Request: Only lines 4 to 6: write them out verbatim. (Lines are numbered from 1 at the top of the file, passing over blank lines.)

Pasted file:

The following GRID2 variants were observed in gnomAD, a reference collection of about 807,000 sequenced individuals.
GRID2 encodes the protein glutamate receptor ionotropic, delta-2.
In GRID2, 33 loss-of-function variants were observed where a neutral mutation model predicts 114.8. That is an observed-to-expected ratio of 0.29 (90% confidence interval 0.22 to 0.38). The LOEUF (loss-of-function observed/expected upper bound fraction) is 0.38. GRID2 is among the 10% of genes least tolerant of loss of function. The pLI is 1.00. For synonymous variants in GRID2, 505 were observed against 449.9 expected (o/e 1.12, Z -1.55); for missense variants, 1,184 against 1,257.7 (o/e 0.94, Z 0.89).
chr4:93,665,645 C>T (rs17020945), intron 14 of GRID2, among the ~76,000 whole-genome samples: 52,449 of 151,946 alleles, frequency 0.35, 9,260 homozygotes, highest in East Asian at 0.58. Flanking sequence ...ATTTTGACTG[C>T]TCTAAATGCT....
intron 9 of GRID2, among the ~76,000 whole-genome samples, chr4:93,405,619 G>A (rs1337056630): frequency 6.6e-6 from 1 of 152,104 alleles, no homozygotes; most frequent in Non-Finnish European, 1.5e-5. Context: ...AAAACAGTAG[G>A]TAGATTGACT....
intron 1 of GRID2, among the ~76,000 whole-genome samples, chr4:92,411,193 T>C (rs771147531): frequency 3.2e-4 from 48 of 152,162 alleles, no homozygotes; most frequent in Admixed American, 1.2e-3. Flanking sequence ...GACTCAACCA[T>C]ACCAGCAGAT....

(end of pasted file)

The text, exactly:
chr4:93,665,645 C>T (rs17020945), intron 14 of GRID2, among the ~76,000 whole-genome samples: 52,449 of 151,946 alleles, frequency 0.35, 9,260 homozygotes, highest in East Asian at 0.58. Flanking sequence ...ATTTTGACTG[C>T]TCTAAATGCT....
intron 9 of GRID2, among the ~76,000 whole-genome samples, chr4:93,405,619 G>A (rs1337056630): frequency 6.6e-6 from 1 of 152,104 alleles, no homozygotes; most frequent in Non-Finnish European, 1.5e-5. Context: ...AAAACAGTAG[G>A]TAGATTGACT....
intron 1 of GRID2, among the ~76,000 whole-genome samples, chr4:92,411,193 T>C (rs771147531): frequency 3.2e-4 from 48 of 152,162 alleles, no homozygotes; most frequent in Admixed American, 1.2e-3. Flanking sequence ...GACTCAACCA[T>C]ACCAGCAGAT....